The investigations, preceding Shaik’s trial in 2004, into the alleged corrupt payments by Shaik and his companies to Zuma had only covered the period up to November 2002. In his evidence in court in 2005, however, Shaik testified that the payments, which he claimed (falsely, in the opinion of the trial court) to be in the nature of loans, had continued long after that date and indeed were still continuing. He also claimed that there had been substantial repayments by Zuma. In light of the above and a number of other factors which need not be repeated for the purposes of this application, it was considered vital that fresh evidence be obtained regarding inter alia the financial dealings between Shaik and Zuma to date. To this end, on 18 August 2005 a search and seizure operation was conducted during which a number of premises belonging to Zuma and persons closely associated with him were searched and a substantial number of documents and computer data were seized. These searches included also the business premises of Accused Nos 2 and 3 and the residential premises of their director, Pierre Moynot. The effects of these searches and the subsequent legal challenges that were brought against them will be dealt with in more detail below.


In any investigation, more especially in a complex commercial investigation such as the present, as the State case unfolds numerous aspects arise which require investigation. In the present case, important new aspects emerged during Shaik’s defence (such as the alleged existence of a so-called “revolving loan agreement” between Shaik and Zuma, to name but one). The investigation thus remains current. The investigation includes Zuma’s complicity in the alleged offences and also that of the Thomson/Thales group of companies, as reflected in the ambit of the investigation declared in terms of section 28 of the Act as described above.


Evidence which may affect the charges ultimately preferred against the respective accused, and the factual basis for the allegations which support such charges, include:

20.1 Evidence relating to any further payments that may have arisen after the period previously investigated by Shaik, Thomson/Thales/THINT, or any other person acting on their behalf;

20.2 Evidence of any repayments by Zuma that may have occurred after the period previously investigated, alternatively the absence of such repayments;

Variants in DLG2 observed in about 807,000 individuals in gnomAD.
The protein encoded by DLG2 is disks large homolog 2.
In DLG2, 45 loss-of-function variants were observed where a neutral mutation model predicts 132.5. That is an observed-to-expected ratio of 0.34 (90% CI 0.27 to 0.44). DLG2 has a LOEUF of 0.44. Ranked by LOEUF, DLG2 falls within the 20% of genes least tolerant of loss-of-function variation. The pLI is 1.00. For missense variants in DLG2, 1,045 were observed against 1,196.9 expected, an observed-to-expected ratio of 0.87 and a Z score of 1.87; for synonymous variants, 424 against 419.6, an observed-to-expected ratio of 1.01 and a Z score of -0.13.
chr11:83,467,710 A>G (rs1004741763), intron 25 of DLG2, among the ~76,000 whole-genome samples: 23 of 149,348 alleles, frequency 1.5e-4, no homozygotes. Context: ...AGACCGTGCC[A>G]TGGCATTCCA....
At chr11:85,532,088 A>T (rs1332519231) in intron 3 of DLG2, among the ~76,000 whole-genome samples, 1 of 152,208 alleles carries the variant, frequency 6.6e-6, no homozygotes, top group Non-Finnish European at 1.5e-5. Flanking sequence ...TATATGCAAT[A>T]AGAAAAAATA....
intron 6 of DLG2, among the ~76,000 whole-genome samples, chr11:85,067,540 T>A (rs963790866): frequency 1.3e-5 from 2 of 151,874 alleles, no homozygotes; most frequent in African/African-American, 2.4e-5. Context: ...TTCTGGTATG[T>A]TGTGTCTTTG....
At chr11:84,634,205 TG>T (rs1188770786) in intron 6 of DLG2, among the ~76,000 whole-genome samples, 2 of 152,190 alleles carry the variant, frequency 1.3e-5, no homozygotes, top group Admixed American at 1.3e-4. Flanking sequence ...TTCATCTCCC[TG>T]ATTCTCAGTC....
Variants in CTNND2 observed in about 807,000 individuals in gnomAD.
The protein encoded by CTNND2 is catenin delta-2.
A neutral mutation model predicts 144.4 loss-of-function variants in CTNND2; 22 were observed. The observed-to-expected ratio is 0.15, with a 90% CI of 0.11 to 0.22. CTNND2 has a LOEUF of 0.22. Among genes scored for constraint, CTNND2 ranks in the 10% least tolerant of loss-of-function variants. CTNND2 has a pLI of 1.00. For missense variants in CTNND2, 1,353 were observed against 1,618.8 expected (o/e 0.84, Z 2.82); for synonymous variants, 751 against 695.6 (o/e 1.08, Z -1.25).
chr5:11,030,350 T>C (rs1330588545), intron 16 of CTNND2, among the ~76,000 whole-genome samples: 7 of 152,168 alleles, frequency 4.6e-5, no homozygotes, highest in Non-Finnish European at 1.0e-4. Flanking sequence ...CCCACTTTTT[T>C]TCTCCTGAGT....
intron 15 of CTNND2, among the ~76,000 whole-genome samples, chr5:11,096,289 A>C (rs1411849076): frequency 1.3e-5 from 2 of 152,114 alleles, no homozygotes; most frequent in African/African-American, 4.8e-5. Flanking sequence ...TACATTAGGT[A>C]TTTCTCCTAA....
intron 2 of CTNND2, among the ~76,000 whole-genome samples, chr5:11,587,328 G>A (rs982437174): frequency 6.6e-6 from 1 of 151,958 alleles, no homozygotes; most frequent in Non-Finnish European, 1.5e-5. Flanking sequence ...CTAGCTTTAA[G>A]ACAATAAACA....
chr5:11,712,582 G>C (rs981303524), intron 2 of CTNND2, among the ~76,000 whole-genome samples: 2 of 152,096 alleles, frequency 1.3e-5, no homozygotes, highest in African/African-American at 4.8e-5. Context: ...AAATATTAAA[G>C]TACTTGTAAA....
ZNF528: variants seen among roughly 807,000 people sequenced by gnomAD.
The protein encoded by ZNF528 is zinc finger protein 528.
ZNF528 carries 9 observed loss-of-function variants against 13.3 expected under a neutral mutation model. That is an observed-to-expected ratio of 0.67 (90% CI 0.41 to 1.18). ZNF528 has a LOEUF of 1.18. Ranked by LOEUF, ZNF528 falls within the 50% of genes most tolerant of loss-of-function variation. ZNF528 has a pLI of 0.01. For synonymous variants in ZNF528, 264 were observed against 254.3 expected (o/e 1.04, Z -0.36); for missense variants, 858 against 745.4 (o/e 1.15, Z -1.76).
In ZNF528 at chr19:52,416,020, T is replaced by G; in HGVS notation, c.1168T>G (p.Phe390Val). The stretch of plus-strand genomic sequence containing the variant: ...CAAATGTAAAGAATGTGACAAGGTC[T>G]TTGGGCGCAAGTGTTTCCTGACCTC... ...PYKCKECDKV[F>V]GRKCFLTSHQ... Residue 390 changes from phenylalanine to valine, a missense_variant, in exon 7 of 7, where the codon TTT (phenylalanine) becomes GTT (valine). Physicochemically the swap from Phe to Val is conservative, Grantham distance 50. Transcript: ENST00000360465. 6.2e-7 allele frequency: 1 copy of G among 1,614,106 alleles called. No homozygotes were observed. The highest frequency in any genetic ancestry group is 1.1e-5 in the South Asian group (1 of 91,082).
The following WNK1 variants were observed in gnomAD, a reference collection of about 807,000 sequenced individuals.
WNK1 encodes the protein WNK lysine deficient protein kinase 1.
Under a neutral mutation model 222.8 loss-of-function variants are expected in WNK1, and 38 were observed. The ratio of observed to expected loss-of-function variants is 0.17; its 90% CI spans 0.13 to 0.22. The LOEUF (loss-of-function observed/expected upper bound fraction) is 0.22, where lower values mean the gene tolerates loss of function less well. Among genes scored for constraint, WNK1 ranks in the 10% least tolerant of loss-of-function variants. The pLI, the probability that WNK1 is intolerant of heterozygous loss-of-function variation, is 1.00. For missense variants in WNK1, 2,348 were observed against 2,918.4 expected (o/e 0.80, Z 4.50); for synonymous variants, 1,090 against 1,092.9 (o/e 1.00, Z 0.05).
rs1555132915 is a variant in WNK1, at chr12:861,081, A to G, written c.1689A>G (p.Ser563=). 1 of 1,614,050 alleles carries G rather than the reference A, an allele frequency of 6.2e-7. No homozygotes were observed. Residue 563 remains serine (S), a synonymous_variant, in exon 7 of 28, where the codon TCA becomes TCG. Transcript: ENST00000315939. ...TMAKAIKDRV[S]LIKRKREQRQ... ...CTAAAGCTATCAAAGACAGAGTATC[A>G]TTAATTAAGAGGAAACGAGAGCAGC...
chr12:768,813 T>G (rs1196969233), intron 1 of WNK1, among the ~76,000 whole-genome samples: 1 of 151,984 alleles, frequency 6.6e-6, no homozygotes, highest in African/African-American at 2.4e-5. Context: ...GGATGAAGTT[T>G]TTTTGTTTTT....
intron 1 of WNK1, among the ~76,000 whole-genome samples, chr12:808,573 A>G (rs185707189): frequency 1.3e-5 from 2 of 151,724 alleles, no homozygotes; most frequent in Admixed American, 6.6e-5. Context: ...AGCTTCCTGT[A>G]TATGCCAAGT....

20.3 Any other evidence regarding the bribe agreement or payments that may be obtained, including any relevant evidence relating to the charges of corruption that may not have been discovered previously because the relevant premises were not searched, or because the relevant evidence was not, at the time of the searches, at the relevant premises.

20.4 Further evidence relating to the funding provided to Zuma by Kogl, Fakude-Nkuna and Reddy, including evidence relating to any repayments or lack thereof by Zuma and including any relevant evidence that may not have been discovered previously because the relevant premises were not searched, or because the relevant evidence was not, at the time of the searches, at the relevant premises. 



Schabir Shaik admitted that a meeting between him, Zuma and Thetard took place, as reflected in the encrypted fax, (although this was allegedly on 10 March 2000 and not 11 March 2000 as alleged by the State) and that the other meetings mentioned in the fax had indeed occurred. He contended, however, that the subject of the meetings was a request that Thomson should make an innocent donation to the Jacob Zuma Education Trust.


Zuma is on record as stating that he did not meet Thetard and Shaik on 11 March 2000 as alleged in the fax. He denies that the contents of the fax are true. Zuma makes no mention of a meeting between himself, Shaik and Thetard the previous day, or at any other time, during which such request for a donation to the Jacob Zuma Education Trust was discussed, as alleged by Shaik at his trial. Zuma concedes that he might have met representatives of the Thomson/Thales group in Paris and/or in South Africa during the period 1997 to date, but contends that only general matters relating to his official portfolios would have been discussed.